Raspi contest to get the kids programming

The Raspberry Pi was originally conceived as an educational platform. Much like the BBC Micros and Apple ][s of yore, the Raspi is designed to get kids into programming by giving them a very tiny but still useful computer. Truth be told, we haven’t seen any educational hacks involving the Raspberry Pi, most likely because makers and tinkerers like us have been buying up all the available boards. The Raspi team is trying to correct this problem by holding a summer programming contest aimed at kids under 18 years of age.

The rules are simple: there are two age brackets, under 13, and ages 14-18. The kid who writes the best piece of software for the Raspberry Pi gets $1000, with five $200 runners-up in each category.The contest will run for eight weeks, timed perfectly to coincide with summer vacation.

There will be a few more weekly contests the Raspi team will be holding in the future, but with eight weeks to complete a project we can’t wait to see all the neat stuff kids are going to make.

 

RickRolled by RedBull

As you’ve already seen, we’ve been invited to participate in the Redbull creation contest. While we were deep into our work today, hacking things apart and soldering things together while trying not to blow ourselves up, we received a second package! It had a hand written note explaining that this was the last of its type, reserved for only the most awesome teams. We got the very last one.

In this box was another bullduino. This one had a shield on it with a fancy display in the middle and a few scattered LEDs. Upon plugging it in, we were greeted with a “simon” style game that you can play using the resistive touch pads on the pcb. You can see the result in the video above. Also, my nose doesn’t work very well, but my wife informed me that the red bull mail smelled like bacon. I’m unsure if this was intentional or not.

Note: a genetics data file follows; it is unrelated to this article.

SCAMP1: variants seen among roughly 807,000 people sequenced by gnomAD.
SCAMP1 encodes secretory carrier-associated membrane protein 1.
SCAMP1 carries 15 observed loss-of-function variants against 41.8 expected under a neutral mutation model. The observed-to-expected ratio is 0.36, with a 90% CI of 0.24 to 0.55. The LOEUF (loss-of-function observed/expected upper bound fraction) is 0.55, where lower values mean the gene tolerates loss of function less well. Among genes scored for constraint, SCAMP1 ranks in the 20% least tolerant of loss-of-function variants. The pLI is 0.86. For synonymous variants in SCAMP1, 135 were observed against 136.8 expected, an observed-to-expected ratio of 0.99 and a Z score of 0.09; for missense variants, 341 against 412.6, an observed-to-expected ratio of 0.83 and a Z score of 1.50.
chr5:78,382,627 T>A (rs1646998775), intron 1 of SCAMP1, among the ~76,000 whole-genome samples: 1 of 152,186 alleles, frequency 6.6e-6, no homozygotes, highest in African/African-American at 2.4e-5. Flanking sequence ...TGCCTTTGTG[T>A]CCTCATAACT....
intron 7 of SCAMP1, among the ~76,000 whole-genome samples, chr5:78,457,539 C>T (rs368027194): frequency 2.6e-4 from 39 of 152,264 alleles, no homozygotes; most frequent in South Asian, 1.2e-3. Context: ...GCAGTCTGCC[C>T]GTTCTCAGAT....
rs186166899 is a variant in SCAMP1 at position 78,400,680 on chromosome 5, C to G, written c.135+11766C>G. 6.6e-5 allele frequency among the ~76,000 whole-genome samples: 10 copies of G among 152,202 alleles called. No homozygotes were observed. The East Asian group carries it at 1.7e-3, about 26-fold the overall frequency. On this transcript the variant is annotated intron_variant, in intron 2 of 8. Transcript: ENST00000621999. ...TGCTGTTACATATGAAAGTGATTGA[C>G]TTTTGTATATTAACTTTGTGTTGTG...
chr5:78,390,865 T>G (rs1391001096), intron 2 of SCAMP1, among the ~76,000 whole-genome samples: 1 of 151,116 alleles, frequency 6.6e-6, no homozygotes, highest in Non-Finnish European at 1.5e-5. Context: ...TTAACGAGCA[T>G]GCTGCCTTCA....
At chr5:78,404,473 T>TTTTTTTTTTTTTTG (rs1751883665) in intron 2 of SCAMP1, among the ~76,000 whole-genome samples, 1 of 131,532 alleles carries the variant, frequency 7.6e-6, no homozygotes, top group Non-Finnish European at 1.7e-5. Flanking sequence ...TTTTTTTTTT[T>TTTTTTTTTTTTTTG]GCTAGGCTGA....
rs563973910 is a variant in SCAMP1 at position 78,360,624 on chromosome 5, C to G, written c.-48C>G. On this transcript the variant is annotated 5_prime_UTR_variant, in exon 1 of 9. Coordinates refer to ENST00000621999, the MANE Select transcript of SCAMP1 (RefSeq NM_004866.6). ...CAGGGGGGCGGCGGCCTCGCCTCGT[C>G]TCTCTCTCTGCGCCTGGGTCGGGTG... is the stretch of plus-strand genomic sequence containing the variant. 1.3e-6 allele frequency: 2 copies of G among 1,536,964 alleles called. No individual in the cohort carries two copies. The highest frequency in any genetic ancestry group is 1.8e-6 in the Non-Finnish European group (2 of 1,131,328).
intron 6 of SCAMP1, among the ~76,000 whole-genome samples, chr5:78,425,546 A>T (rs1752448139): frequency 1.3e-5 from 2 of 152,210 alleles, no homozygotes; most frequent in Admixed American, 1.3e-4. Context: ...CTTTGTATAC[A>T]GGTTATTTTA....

Our project is coming long nicely. Preliminary tests today yielded fantastic results with minimal sub dermal hematoma. We look forward to unveiling this beast to the public. Stay tuned!

DEFCON 20 Tamper Evident contest signup

DEFCON 20 is on its way and if you want to put a team together to compete in the Tamper Evident competition now is the time! The idea of the contest is simple: your team needs to break into something without anyone every knowing. The payload is protected by the best of modern tamper evident techniques. One of the things we really like about the competition is that there are multiple levels so if it’s your first time you DO stand a chance. The number of teams accepted is limited, so don’t wait too long and miss your chance to register.

There’s a ton to be learned from the contest RULES. But perhaps a better primer is going to be [Datagram's] fifty-two minute talk which we’ve embedded after the break. He was one of the winners of all four contest levels at DEFCON 19 last year.

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Redbull’s new creation contest comes to your workshop

We get bombarded with press releases daily. Our inbox overflows with brand new iPhone cases and cheap LED manufacturers in china. We generally have no interest in sharing obvious product advertisement with you. However, some people understand what we’re interested in. Redbull gets it. They’re embracing hackers and running contests that promote DIY/hacking. Last year, we saw some cool results from their contest.

So, we’re happy to announce that this year, they are doing it again! Only this time, the contest will come to the location of the entrants! If you qualify to be one of the final teams involved, they’ll set up to stream live from your home workshop/hackerspace for the contest. You might be thinking, “aren’t you just advertising for red bull?”, we feel that as long as they’re promoting hacking, they’re advertising for us!